Dishessuch as hearty stews, soups or tomato-based sauces welcome a more fruity,flavorful olive oil, as do steamed vegetables and salads. For roasted,barbecued and braised dishes, which require high or prolonged heat “oliveoil” is, best because it is less expensive yet has the same health benefitsas virgin olive oils. In frying, a crisp caramelized crust is formed thatwill allow but a small amount of oil to soak into the food. In vegetabledishes, its herbal hues blend excellently with the greens. Pies are bestmade with sweet olive oil.
Greece is the southeasternmost regionon the European continent. It is defined by a series of mountains, surroundedon all sides except the north by water, and endowed with countless largeand small islands. The Ionian and Aegean seas and the many deep bays andnatural harbors along the coastlines allowed the Greeks to prosper in maritimecommerce and to develop a culture which drew inspiration from many sources,both foreign and indigenous. The Greek world eventually spread far beyondGreece itself, encompassing many settlements around the Mediterranean andBlack seas and, during the Hellenistic period, reaching as far east asIndia. The mountains, which served as natural barriers and boundaries,dictated the political character of Greece. From early times the Greekslived in independent communities isolated from one another by the landscape.
Later these communities were organized into poleis or city-states. Themountains prevented large-scale farming and impelled the Greeks to lookbeyond their borders to new lands where fertile soil was more abundant. Natural resources of gold and silver were available in the mountains ofThrace in northern Greece and on the island of Siphnos, while silver wasmined from Laurion in Attica. Supplies of iron ores were also availableon the mainland and in the Aegean islands. The Mediterranean Sea moderates Greece?sclimate, cooling the air in summer and providing warmth in the winter months.
Summers are generally hot and dry. Winters are moderate and rainy in coastalregions and cold and snowy in mountainous areas. An estimated 97 percent of the country’spopulation identifies itself as belonging to the Greek branch of the EasternOrthodox Church of Christ, commonly known as the Orthodox Church of Greece. Though Greeks became independent of the church in Constaniople,a closerelationship remains among most branches of Orthodoxy . In many respects,church and state are not separate in the Western sense in Greece.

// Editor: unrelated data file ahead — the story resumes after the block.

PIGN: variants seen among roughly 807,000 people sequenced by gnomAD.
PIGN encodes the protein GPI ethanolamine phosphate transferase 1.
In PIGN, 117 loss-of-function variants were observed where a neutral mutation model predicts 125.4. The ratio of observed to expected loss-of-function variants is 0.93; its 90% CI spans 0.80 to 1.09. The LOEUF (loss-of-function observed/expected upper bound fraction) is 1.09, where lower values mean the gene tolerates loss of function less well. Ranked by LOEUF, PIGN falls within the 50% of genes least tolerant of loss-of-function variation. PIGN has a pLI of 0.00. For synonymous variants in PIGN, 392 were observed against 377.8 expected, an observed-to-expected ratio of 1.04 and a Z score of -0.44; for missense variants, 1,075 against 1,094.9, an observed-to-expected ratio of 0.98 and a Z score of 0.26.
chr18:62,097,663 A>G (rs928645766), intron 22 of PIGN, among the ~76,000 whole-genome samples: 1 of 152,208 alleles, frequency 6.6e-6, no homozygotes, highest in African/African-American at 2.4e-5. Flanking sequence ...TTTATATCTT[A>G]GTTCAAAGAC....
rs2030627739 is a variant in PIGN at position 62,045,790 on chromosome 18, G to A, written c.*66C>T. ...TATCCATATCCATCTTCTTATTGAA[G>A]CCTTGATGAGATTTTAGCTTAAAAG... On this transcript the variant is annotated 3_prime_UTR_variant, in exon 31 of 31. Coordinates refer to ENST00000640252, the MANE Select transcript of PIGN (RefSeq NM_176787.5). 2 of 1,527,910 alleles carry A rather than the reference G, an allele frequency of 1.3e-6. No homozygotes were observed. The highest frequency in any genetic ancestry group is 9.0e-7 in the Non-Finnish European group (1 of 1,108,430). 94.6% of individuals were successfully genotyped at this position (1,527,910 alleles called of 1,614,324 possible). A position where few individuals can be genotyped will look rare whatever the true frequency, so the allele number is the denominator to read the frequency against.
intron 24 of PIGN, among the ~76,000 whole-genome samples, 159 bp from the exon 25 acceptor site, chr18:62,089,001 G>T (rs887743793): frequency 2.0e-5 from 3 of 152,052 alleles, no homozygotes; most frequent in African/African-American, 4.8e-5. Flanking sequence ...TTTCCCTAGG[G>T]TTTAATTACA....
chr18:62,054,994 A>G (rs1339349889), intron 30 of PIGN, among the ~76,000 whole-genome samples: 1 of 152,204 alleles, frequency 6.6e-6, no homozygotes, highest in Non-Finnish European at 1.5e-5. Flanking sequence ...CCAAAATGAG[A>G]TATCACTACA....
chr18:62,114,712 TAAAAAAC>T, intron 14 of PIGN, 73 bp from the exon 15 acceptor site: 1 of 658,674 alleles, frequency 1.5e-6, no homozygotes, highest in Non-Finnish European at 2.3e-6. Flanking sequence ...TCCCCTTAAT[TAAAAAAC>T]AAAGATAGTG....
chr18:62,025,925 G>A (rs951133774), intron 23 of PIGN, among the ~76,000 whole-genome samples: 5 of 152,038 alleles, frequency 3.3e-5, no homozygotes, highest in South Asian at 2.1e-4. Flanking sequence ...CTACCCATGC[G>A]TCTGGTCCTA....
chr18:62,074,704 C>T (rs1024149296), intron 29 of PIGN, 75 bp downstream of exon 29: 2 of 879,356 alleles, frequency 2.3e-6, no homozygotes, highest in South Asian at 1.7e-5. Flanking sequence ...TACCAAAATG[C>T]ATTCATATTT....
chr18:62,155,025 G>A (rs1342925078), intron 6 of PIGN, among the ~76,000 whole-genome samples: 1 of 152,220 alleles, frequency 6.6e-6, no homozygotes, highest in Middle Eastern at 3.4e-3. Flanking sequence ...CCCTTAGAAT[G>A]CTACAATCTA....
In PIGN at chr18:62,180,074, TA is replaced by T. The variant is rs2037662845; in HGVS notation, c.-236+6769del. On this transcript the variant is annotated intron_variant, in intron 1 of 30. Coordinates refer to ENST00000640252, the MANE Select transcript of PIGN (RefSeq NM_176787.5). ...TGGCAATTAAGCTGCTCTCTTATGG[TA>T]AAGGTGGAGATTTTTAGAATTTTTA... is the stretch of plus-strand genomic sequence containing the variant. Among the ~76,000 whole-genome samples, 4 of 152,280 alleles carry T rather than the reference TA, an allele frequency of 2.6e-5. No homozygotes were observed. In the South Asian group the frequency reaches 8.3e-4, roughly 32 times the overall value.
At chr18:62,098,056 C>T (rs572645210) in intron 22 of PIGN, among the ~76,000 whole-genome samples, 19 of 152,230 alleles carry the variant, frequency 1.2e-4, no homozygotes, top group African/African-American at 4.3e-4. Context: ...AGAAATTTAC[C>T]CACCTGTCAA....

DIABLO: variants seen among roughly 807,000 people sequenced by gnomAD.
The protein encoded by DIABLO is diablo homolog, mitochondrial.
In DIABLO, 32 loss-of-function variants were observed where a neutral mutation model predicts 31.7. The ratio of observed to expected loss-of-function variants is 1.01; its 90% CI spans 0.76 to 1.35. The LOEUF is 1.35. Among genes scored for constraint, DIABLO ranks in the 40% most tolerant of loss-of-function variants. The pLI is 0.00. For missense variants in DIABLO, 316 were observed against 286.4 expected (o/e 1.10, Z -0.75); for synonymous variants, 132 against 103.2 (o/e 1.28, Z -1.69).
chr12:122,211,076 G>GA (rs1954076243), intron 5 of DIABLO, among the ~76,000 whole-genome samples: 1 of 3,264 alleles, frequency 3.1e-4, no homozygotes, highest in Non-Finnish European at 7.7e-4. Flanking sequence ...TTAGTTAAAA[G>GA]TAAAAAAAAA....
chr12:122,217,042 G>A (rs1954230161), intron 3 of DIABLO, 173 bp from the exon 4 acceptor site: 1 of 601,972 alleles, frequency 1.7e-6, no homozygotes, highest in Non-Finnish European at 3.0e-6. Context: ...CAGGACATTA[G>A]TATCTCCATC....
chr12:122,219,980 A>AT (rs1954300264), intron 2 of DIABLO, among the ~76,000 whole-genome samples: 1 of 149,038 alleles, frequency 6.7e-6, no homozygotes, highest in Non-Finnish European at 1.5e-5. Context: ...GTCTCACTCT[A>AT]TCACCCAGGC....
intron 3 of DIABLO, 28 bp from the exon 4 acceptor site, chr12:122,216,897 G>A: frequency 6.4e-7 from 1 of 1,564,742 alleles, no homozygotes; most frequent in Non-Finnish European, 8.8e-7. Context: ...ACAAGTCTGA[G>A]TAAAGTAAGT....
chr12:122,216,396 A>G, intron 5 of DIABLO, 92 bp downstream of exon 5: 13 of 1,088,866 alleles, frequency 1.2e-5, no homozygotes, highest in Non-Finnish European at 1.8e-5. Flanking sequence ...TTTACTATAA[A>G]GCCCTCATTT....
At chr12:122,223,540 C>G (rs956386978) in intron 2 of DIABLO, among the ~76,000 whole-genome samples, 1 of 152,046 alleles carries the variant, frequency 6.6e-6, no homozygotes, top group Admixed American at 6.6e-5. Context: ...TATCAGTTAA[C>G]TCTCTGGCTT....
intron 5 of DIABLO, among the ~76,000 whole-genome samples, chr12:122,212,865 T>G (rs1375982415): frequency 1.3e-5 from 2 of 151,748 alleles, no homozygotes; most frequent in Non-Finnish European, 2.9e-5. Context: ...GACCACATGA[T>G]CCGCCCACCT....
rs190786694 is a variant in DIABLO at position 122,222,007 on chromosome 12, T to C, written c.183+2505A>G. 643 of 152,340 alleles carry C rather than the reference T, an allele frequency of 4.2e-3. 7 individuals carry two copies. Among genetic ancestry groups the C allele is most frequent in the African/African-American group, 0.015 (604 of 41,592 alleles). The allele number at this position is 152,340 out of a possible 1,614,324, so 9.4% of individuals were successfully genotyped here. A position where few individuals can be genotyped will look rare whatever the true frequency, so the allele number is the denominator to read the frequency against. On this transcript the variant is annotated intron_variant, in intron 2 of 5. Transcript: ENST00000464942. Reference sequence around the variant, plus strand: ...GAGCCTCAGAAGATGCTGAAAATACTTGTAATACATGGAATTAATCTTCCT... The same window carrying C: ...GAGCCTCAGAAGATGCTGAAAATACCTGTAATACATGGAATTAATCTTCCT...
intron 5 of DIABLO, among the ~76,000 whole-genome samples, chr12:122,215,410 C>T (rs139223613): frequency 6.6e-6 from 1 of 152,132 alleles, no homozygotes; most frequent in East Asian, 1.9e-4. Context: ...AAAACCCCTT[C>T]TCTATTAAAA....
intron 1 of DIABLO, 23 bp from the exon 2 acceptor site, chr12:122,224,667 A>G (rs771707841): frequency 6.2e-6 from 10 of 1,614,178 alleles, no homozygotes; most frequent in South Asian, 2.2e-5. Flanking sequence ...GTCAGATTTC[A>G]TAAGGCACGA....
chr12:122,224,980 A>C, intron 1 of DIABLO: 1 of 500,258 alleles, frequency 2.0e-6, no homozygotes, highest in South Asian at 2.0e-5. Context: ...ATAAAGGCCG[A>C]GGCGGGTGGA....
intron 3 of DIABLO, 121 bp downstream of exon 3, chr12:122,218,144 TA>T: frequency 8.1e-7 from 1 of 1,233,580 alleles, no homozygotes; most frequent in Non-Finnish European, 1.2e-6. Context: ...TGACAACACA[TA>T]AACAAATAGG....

In spiteof reforms in the 1980s and a loss of some influence since World War II,the Orthodox Church remains the officially established religious institutionof the country, and from that position it exerts considerable influencein secular matters. The largest non-Orthodox religious groups in Greeceare Roman Catholic, Protestant, and Muslim. The country of Greece has had a variedhistory. At about 2600 BC Greek civilization was founded. This is an educatedguess because most records succumb to time. Greek civilization startedwith a group of people called the Minoans.
Minoan civilization reacheda peak during 1400s-1300s BC Homer wrote the Oddesy and the Iliad duringthe Ninth century BC During the eighth century BC Athens, Sparta and othercity states develop. During 800 BC Alexander the Great conquered the GrecianEmpire of city-states and Greece became part of the Macedonian Empire. After the downfall of the Macedonian Empire, Greece enters a lull, whichlasts for almost a thousand years. During this time a numerous number ofempires conquered Greece.
The Greeks fought a war of independence againstthe Ottoman Empire and won. The first president of Greece was Ioannis Kapodistrias. In 1829 the Treaty of Adrianople places Greek under British, French, andRussian protection. In 1832 the Treaty of Constantinople places Greeceunder British, French, and Russian protection, defines its boundaries,and names Otto of Wittgenstein ruler. The first constitution establishesdemocratic parliamentary government system, reducing Otto’s power. In 1862 after series of coups, Otto forcedto resign.
After this Greece was an independent country. Greece playeda small part in World War 1. It was on the side of the Allied forces. Thisbrings the history of Greece to the present. In conclusion Greek food is heavily influencedby the climate of the Mediterranean, and the other countries surroundingit.
Greeks also eat a very healthy diet rich in seafood and lean meats. Olive oil is a major part of the Greeks daily diet also. Olive oil is alsomuch more healthy than animal fats and oils.